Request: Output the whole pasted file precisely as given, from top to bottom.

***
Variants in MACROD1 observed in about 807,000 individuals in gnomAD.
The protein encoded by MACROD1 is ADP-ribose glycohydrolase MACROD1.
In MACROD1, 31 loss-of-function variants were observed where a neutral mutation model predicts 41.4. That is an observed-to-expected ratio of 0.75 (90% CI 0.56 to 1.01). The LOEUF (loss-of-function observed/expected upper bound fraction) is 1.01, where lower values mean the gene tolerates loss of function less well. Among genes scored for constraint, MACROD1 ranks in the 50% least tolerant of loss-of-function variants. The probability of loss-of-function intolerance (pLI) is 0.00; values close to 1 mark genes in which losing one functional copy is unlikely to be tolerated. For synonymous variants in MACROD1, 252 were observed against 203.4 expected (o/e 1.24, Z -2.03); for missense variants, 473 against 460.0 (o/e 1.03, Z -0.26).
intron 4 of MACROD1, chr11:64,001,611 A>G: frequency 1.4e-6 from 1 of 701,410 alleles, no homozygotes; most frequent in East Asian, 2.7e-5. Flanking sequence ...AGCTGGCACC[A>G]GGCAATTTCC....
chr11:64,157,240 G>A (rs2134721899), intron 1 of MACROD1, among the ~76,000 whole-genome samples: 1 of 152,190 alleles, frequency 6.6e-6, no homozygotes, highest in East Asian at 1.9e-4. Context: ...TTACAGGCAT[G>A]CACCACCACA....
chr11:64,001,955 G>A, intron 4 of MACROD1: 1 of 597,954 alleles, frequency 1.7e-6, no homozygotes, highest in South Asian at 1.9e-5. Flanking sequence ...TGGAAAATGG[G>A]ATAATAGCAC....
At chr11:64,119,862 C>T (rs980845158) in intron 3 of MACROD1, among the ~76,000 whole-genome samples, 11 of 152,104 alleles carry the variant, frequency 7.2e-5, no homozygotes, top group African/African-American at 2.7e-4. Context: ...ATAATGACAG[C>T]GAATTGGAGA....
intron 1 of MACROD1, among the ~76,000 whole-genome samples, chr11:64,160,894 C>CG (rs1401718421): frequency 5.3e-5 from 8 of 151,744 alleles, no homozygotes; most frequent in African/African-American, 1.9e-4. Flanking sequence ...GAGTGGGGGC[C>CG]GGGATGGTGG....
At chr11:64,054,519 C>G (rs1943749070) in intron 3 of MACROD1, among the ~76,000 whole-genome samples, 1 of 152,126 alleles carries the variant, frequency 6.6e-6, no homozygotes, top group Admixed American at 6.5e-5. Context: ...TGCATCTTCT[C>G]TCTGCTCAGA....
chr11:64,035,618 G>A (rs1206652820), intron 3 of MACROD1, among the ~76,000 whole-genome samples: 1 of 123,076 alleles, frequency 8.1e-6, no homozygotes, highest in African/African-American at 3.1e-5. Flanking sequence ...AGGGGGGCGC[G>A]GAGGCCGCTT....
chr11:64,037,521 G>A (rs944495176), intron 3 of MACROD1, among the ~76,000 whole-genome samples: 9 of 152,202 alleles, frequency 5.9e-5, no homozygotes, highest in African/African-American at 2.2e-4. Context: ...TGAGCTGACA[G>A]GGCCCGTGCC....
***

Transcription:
Variants in MACROD1 observed in about 807,000 individuals in gnomAD.
The protein encoded by MACROD1 is ADP-ribose glycohydrolase MACROD1.
In MACROD1, 31 loss-of-function variants were observed where a neutral mutation model predicts 41.4. That is an observed-to-expected ratio of 0.75 (90% CI 0.56 to 1.01). The LOEUF (loss-of-function observed/expected upper bound fraction) is 1.01, where lower values mean the gene tolerates loss of function less well. Among genes scored for constraint, MACROD1 ranks in the 50% least tolerant of loss-of-function variants. The probability of loss-of-function intolerance (pLI) is 0.00; values close to 1 mark genes in which losing one functional copy is unlikely to be tolerated. For synonymous variants in MACROD1, 252 were observed against 203.4 expected (o/e 1.24, Z -2.03); for missense variants, 473 against 460.0 (o/e 1.03, Z -0.26).
intron 4 of MACROD1, chr11:64,001,611 A>G: frequency 1.4e-6 from 1 of 701,410 alleles, no homozygotes; most frequent in East Asian, 2.7e-5. Flanking sequence ...AGCTGGCACC[A>G]GGCAATTTCC....
chr11:64,157,240 G>A (rs2134721899), intron 1 of MACROD1, among the ~76,000 whole-genome samples: 1 of 152,190 alleles, frequency 6.6e-6, no homozygotes, highest in East Asian at 1.9e-4. Context: ...TTACAGGCAT[G>A]CACCACCACA....
chr11:64,001,955 G>A, intron 4 of MACROD1: 1 of 597,954 alleles, frequency 1.7e-6, no homozygotes, highest in South Asian at 1.9e-5. Flanking sequence ...TGGAAAATGG[G>A]ATAATAGCAC....
At chr11:64,119,862 C>T (rs980845158) in intron 3 of MACROD1, among the ~76,000 whole-genome samples, 11 of 152,104 alleles carry the variant, frequency 7.2e-5, no homozygotes, top group African/African-American at 2.7e-4. Context: ...ATAATGACAG[C>T]GAATTGGAGA....
intron 1 of MACROD1, among the ~76,000 whole-genome samples, chr11:64,160,894 C>CG (rs1401718421): frequency 5.3e-5 from 8 of 151,744 alleles, no homozygotes; most frequent in African/African-American, 1.9e-4. Flanking sequence ...GAGTGGGGGC[C>CG]GGGATGGTGG....
At chr11:64,054,519 C>G (rs1943749070) in intron 3 of MACROD1, among the ~76,000 whole-genome samples, 1 of 152,126 alleles carries the variant, frequency 6.6e-6, no homozygotes, top group Admixed American at 6.5e-5. Context: ...TGCATCTTCT[C>G]TCTGCTCAGA....
chr11:64,035,618 G>A (rs1206652820), intron 3 of MACROD1, among the ~76,000 whole-genome samples: 1 of 123,076 alleles, frequency 8.1e-6, no homozygotes, highest in African/African-American at 3.1e-5. Flanking sequence ...AGGGGGGCGC[G>A]GAGGCCGCTT....
chr11:64,037,521 G>A (rs944495176), intron 3 of MACROD1, among the ~76,000 whole-genome samples: 9 of 152,202 alleles, frequency 5.9e-5, no homozygotes, highest in African/African-American at 2.2e-4. Context: ...TGAGCTGACA[G>A]GGCCCGTGCC....